Just about two weeks ago I was attending the ITU Telecom World where I joined Dean Bubley's panel and then moderating the TADS Summit in Bangkok, Thailand. Bangkok is an interesting place and my mobile experience, not only with a SIM but seeing how mobile centric that part of the world is, even more than what I experience in Europe or the USA exposed me to a lot of new ideas, as the TADS Summit served to reaffirm many forward looking ideas I've had about WebRTC and OTT.
The biggest concept I heard expressed was "Fast Fail" an approach that developer and early stage entrepreneurs have taken on. Being the optimist, I immediately spun that into the idea of succeed soon. And that's where WebRTC is. It has to succeed soon and the companies working to develop new method of communications have to learn that failing fast doesn't mean giving up. It means doing it better, and succeeding sooner.
OTT apps like WhatsApp and Line have succeeded soon and continue to grow. They are taking revenue away from the major telcos on one side (the SMS market) but at the same time shifting costs to other networks or the network side of the telco, while reducing the telcos labor and overhead cost.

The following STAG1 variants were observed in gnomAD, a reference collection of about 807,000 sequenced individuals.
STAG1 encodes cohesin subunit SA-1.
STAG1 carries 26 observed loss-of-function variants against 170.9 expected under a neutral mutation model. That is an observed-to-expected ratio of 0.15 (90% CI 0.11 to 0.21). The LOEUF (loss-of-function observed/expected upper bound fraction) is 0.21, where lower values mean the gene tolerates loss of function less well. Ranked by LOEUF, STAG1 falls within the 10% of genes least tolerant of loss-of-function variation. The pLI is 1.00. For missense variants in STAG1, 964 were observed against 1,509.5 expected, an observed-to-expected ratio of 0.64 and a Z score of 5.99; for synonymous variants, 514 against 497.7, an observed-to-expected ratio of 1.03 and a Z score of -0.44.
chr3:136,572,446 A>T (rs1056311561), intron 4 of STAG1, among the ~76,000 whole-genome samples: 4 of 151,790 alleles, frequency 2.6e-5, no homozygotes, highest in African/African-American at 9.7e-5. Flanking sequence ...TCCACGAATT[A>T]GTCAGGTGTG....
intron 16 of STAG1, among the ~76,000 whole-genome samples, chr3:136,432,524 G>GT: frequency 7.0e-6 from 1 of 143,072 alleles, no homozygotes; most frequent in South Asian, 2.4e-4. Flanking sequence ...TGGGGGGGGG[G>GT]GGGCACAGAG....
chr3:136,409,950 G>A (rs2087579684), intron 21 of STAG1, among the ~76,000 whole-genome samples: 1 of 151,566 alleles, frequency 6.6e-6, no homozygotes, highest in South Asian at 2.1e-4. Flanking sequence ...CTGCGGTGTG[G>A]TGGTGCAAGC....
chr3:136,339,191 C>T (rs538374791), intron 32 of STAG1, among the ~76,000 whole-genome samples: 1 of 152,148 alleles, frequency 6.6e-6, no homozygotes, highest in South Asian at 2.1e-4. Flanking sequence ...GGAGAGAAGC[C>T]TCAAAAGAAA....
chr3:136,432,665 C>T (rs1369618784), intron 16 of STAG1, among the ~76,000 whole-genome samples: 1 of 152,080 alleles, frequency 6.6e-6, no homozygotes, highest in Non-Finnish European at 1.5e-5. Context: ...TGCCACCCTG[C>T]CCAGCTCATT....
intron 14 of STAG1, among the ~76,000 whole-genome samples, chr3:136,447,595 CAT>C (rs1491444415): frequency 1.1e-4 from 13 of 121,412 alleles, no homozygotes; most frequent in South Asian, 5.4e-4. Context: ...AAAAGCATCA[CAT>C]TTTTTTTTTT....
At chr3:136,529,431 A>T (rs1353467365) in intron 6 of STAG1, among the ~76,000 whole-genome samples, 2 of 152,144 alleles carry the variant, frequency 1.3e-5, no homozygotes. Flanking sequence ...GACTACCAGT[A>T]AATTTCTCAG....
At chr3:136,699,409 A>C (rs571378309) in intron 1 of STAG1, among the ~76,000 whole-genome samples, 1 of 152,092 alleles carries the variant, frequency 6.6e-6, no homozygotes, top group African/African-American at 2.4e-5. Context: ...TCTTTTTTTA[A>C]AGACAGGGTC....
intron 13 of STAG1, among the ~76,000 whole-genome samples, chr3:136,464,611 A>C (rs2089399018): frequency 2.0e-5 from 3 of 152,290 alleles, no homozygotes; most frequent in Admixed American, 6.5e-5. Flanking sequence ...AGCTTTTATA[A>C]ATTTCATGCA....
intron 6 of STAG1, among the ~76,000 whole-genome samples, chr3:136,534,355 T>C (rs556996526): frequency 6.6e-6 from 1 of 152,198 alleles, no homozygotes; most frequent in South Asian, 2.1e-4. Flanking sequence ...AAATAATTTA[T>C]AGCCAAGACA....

Thus I would contend that OTT services like WebRTC don't really replace the carrier, they simply shift the burden of operating and delivering the service from the service provider to being the carrier while someone else operates the service. This is not much different from a concessionaire serving food inside a stadium while the landlord collects a piece of the action without having to buy the food or staff the stands.
The more a carrier opens up their network to OTT players and lets them take on the burden of building the audience, managing the relationship, and the less marketing the carrier or mobile operator has to do, the more profitable they can become because they can invest in technology that makes them better and more competitive versus their competitors, while providing the best field of play for the newcomers who use software and smarts vs. hardware and brawn to power their business.
The best and most profitable carriers will be the ones who embrace the new OTT players, find ways to incorporate WebRTC technology into their platforms or simply open up their pipe and network to let them in so they can carry more traffic.
Isn't that what carriers should be doing?